One in 50 babies has ‘birth defect’ in England and Wales
MORE than one in 50 babies has a birth defect - almost double the previous estimate, according to the most comprehensive report of its kind.
Previous figures have suggested one in 80 babies suffers a defect, which include Down's syndrome, congenital heart disease and neural tube defects such as spina bifida.
The report, from the British Isles Network of Congenital Anomaly Registers (Binocar), covers five registers of defects in England and Wales.
It includes babies born with a defect as well as those babies where the defect led to a termination of the pregnancy.
The researchers estimate there were at least 14,500 babies with birth defects in England and Wales in 2009.
Joan Morris, professor of medical statistics at Queen Mary, University of London and editor of the report, said researchers did not believe the overall incidence of birth defects is on the rise.
"We know that the incidence is not increasing," she said.
"What we are now saying is that we have good figures on what it actually is."
However, she said large parts of the country, including London, do not submit any data, making it difficult to identify whether these regions are experiencing an increase in any types of defect.
The report included data from five regional registers. No registers exist in London and the South East, the North West and East Anglia.
The report said the most common defect is congenital heart disease, which affects at least five in 1,000 babies and can require major surgery.
Around 6pc of babies born with a heart defect will die before the age of one.
Neural tube defects, such as spina bifida, affect one in 1,000 babies. Most of these cases could be prevented through women taking folic acid supplements while trying to conceive and during early pregnancy.
Gastroschisis - a defect where the intestines develop outside the abdomen - affects one in 1,000 babies.
Regional monitoring has shown that this condition has become more common in some areas, including Wales, and that babies born to younger mothers are at greater risk.
Prof Morris said: "Over the last decade, it's doubled in Wales. Your risk is much higher if you are a younger mother."
She said factors such as alcohol, smoking and lifestyle were believed to influence the risk.
According to the report, the estimated incidence of cleft lip and/or palate is 15.2 per 10,000 babies.
Some 27 per 10,000 babies across England and Wales are also affected by Down's syndrome, two per 10,000 by another chromosomal condition called Patau syndrome and seven per 10,000 by Edwards syndrome.
London has the highest prevalence of Down's syndrome (34 per 10,000 babies) while the North West had the lowest (21 per 10,000).
The report said these differences "probably reflect the different maternal age distributions", with mothers in London tending to be older, thereby having a higher risk of Down's.
More than half (53pc) of all birth defects studied in the report were detected during pregnancy.
Where the birth defect was detected in pregnancy, 43pc resulted in a termination.
Of those babies born alive, where the time of diagnosis was known, 68pc were diagnosed at birth, 9pc were diagnosed in the first week, 7pc between the second and fourth weeks and 17pc after the first month.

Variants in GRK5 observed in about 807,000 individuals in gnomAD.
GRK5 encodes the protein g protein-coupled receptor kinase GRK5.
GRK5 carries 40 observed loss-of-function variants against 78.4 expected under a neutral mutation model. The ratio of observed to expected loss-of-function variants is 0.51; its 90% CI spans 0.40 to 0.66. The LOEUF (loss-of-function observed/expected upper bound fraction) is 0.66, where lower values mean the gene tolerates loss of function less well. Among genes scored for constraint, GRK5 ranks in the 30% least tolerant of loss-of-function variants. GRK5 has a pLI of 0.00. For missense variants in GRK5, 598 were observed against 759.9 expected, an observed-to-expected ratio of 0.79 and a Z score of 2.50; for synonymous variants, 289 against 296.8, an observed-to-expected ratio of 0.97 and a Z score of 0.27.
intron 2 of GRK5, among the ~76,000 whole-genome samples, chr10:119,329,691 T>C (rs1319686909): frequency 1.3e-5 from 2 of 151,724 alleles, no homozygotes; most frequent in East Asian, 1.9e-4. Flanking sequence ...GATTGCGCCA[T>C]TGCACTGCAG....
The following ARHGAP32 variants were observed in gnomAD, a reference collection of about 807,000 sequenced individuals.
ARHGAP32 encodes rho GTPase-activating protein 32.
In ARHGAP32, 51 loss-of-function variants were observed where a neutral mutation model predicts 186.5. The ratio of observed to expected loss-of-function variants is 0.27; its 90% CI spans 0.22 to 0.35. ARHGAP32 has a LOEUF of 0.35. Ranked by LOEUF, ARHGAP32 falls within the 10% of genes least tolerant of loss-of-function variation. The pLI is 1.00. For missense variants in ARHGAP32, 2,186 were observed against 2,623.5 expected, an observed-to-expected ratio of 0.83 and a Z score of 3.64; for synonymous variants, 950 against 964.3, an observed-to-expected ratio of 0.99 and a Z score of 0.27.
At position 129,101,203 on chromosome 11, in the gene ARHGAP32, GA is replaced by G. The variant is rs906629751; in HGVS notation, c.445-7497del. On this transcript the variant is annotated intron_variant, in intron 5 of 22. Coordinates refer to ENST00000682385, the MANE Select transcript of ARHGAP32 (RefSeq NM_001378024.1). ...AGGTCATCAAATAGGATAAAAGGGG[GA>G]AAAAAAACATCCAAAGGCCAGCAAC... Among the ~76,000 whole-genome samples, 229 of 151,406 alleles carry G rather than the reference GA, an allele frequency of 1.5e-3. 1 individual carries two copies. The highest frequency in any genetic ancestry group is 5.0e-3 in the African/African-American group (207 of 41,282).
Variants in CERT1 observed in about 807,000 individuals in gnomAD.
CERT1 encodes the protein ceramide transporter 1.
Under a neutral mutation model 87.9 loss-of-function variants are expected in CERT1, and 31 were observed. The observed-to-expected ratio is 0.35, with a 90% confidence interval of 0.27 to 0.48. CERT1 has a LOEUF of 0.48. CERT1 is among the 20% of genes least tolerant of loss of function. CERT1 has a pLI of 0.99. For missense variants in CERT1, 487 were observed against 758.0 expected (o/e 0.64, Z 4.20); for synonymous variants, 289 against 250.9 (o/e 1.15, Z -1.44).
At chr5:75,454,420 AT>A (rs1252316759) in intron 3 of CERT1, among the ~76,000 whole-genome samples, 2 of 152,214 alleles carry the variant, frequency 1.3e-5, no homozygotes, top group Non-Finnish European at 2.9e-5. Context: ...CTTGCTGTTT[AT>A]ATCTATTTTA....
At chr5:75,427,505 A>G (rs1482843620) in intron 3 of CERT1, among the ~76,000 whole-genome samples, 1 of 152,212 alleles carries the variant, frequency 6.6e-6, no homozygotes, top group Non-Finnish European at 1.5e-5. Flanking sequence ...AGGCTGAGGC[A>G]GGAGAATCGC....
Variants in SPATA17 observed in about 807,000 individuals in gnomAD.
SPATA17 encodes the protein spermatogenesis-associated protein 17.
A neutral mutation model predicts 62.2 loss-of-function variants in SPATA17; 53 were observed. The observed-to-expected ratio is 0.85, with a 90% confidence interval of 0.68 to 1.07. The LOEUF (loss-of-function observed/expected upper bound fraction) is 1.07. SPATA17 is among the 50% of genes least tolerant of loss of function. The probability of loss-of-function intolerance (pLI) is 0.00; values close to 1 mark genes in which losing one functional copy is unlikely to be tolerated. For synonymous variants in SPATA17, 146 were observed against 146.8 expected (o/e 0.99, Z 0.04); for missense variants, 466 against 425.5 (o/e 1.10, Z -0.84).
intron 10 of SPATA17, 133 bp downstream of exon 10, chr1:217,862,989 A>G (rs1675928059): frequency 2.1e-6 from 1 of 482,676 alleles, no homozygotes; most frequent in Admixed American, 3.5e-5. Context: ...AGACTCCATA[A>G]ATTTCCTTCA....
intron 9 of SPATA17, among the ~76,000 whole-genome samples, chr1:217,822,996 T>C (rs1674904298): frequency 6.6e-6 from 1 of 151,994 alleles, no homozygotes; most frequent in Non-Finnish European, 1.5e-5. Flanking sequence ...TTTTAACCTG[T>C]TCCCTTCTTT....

Prof Morris said the figure on more than one in 50 babies affected by a defect represents England and Wales.
"The one in 50 figure is from the five registries that we covered. It may be a little bit higher (rate across England and Wales) but it's pretty close."
She said cases of spina bifida and other neural tube defects seem to have come down but are still much higher in England and Wales than the rest of Europe.
There is no national data to say whether recommending women take folic acid is working, or whether measures such as fortifying flour would work better, she added.
"(The number of cases of) heart anomalies seems to be coming down," she added.
"People believe it may be something to do with folic acid but that's not been proven.
"We are not really certain. It could be better general health, such as people eating more fruit and vegetables."
Prof Morris added that the overall incidence of Down's syndrome is increasing, reflecting the profile of older mothers.
She said it was essential that better overall data is collected in the future from all parts of England and Wales.
"This is a major issue," she said.
"It is essential we know how many babies are being born with anomalies and how good their survival is across the whole country, so we can identify ways to reduce the occurrence of anomalies and plan for the care of these babies."
The report's authors said a lack of strategic funding coupled with a lack of support at national level has led to the closure of a national system on collecting data and some of the regional registers.
Previous estimates, based on data from the Office for National Statistics, suggested that 1.3% of all babies have a birth defect.
The new report, which covers data from 2005 to 2009, indicates that the figure is more than 2%.
A spokeswoman for the Department of Health said: "Parents who are fit and healthy at the start of pregnancy generally have healthier babies.
"About half of pregnancies in England and Wales are unplanned, which can cause a delay in seeing a health professional.
"Because of the risks, pregnant women or women trying to conceive should try to avoid drinking alcohol and stop smoking, eat a balanced diet and maintain a healthy weight."